Rivals DUP and Sinn Fein join forces to spike UUP proposal on budget
The DUP and Sinn Fein have joined forces to defeat an Ulster Unionist demand for a new budget and revised blueprint for government at Stormont.
UUP leader Mike Nesbitt argued in a motion that implementation of the current four-year budget was untenable.
He referred to a list of Executive failures including the Education and Skills Authority, the Social Investment Fund and the "biggest ever crisis" in health.
"The Assembly has never faced such a financial watershed," he said. "The 2011-2015 budget has been found to be unworkable.
"We need a new budget. Moving money from one department to another to fill gaps is no way to run a Government."
The DUP's Paul Girvan responded, however: "Unfortunately, I think there is a bit of political point-scoring going on here." And Sinn Fein's Daithi McKay said: "It (the motion) doesn't make any sense, I agree. In 2010, it was the UUP which backed the Tory party, which has introduced these cuts. You can't have it both ways."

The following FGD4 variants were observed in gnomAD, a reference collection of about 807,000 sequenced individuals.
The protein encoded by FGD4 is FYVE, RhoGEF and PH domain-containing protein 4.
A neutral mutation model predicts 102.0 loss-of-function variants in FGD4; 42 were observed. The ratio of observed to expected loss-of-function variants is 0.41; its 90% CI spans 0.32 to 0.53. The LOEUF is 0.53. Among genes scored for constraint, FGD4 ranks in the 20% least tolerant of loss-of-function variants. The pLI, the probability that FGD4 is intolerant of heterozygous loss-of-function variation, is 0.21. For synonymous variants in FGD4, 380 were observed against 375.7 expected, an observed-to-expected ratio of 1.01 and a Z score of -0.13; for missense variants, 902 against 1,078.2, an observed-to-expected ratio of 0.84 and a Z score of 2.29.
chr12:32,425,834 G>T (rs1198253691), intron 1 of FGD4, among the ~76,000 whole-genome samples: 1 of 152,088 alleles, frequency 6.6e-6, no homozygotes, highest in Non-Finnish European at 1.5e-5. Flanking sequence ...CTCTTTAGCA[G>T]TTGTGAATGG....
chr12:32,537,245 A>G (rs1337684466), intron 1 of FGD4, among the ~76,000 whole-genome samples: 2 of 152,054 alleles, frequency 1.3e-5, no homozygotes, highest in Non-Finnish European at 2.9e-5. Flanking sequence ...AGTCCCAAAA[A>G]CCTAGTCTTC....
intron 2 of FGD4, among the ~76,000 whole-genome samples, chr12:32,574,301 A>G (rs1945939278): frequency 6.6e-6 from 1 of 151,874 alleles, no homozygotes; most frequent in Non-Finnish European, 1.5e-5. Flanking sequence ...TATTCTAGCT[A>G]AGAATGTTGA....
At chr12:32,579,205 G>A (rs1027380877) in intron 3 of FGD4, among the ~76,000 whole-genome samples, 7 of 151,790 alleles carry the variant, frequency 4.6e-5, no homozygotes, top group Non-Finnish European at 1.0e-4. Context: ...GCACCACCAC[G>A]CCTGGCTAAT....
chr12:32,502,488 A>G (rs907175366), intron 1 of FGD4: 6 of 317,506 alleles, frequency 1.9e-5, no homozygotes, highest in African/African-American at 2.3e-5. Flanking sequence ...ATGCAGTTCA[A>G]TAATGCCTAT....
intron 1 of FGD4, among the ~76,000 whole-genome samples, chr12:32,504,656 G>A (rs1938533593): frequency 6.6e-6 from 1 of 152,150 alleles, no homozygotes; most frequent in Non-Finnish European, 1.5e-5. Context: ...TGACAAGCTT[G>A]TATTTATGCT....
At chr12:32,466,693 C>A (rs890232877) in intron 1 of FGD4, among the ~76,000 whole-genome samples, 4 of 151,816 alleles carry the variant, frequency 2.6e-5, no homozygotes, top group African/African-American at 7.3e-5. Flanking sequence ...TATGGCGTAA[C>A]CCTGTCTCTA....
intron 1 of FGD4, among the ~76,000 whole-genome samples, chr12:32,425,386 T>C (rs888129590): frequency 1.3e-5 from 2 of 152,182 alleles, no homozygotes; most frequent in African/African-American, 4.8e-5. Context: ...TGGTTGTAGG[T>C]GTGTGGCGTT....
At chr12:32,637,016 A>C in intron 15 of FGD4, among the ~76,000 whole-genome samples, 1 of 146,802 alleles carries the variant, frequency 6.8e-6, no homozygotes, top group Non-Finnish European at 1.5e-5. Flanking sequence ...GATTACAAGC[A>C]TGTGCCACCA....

Alliance's Judith Cochrane said calls for a new budget were "not feasible" at the end of the current four-year one. "The notion of rewriting the 2014/15 budget is unwise," she added.
UUP Regional Development Minister Danny Kennedy asked why Alliance ministers David Ford and Stephen Farry voted against the last monitoring round. Mrs Cochrane said they did so because education had been ring-fenced "without any justification".
Finance Minister Simon Hamilton admitted the forthcoming quarterly round would be "challenging". "What was always going to be difficult has been exacerbated by welfare reform," he said.
But he appealed to parties to "exhibit a maturity hitherto unseen" and reach agreement.